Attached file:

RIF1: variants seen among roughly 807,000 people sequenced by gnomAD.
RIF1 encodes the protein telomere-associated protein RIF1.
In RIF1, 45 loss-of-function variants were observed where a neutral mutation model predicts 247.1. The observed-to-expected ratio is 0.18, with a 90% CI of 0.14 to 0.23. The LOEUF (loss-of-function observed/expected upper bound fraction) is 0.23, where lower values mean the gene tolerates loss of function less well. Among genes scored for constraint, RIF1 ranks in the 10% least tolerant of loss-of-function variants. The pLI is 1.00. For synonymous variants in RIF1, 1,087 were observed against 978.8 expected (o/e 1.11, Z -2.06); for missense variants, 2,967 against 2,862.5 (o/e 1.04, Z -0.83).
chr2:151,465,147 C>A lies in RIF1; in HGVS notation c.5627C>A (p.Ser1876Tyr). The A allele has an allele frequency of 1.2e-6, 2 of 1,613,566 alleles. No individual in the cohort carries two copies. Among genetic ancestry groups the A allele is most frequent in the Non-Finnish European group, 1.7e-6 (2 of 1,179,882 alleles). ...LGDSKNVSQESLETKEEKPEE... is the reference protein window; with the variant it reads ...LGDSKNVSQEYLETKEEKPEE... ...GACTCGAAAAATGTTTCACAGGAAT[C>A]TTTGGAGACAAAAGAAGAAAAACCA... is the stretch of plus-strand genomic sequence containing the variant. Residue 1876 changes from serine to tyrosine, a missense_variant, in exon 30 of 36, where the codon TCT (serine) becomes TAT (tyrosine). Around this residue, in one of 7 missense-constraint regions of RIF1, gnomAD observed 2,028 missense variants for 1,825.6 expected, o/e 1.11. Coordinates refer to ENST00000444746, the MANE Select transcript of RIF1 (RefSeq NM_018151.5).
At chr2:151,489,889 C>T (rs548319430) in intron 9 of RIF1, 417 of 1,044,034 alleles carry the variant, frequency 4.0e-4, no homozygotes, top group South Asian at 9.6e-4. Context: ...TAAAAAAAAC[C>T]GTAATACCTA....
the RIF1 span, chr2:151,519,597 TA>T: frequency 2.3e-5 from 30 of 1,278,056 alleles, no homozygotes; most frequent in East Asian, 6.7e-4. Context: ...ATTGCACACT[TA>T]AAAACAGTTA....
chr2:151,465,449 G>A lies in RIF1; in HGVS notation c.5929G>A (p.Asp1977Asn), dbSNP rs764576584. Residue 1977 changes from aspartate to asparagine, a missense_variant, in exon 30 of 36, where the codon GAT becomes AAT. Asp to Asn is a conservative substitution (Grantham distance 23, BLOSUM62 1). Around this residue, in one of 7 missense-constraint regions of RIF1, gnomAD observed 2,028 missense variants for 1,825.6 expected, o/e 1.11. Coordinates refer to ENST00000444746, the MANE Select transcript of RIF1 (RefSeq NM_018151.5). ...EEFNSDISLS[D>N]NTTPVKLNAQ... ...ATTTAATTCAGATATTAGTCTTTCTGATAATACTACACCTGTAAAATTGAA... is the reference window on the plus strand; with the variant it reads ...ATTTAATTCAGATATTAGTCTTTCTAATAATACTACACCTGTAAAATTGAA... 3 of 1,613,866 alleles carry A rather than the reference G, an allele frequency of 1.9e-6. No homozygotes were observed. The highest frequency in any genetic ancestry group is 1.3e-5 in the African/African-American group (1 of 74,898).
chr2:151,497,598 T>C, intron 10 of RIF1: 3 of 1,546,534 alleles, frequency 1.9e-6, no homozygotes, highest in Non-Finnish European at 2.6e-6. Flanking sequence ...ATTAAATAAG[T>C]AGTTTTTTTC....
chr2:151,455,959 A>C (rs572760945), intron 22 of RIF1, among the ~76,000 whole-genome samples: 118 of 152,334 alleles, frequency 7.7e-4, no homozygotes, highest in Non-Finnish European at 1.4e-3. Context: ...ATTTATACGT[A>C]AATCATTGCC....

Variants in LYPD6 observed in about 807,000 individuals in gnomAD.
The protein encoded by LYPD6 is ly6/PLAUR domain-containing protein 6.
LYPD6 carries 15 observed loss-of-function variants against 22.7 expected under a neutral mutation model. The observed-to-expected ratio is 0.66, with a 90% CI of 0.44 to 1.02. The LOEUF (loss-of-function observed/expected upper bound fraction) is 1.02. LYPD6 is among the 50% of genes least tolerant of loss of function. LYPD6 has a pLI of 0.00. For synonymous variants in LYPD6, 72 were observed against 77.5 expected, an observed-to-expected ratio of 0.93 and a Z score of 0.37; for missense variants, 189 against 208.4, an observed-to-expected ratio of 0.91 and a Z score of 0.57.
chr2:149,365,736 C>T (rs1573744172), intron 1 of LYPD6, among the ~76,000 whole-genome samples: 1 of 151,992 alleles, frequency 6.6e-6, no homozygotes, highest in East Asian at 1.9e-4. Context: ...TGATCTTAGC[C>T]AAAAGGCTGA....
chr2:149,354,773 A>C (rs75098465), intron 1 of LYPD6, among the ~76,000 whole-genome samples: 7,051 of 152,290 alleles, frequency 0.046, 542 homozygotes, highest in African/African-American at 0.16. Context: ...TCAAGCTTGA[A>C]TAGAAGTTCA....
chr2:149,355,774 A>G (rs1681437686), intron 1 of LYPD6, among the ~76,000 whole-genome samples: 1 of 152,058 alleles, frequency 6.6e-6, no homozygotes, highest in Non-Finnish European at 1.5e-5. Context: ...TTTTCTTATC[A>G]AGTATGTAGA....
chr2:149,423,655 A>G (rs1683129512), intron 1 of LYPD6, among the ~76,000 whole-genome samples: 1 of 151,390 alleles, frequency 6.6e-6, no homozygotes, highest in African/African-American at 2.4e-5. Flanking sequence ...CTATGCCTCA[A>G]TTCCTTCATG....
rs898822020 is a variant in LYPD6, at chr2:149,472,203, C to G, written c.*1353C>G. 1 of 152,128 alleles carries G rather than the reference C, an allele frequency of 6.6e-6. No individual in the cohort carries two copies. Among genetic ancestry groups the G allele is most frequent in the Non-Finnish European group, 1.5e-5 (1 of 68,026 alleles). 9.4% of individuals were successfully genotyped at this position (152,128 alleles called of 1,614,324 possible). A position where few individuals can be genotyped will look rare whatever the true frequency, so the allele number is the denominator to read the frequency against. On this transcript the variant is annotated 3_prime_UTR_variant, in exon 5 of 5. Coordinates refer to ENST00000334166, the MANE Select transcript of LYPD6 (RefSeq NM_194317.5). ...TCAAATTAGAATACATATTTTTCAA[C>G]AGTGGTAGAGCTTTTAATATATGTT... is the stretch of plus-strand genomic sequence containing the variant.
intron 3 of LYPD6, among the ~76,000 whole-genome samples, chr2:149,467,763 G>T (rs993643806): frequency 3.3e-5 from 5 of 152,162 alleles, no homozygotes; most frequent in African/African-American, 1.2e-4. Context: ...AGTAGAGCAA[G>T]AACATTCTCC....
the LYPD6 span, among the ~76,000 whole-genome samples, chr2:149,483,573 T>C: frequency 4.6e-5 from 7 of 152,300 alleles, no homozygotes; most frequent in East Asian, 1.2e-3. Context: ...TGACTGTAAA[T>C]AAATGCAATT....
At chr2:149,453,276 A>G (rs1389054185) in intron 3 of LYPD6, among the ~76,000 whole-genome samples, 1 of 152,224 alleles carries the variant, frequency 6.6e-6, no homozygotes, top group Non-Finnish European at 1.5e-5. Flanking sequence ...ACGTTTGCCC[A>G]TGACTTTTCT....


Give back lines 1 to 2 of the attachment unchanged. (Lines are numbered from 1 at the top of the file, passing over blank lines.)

RIF1: variants seen among roughly 807,000 people sequenced by gnomAD.
RIF1 encodes the protein telomere-associated protein RIF1.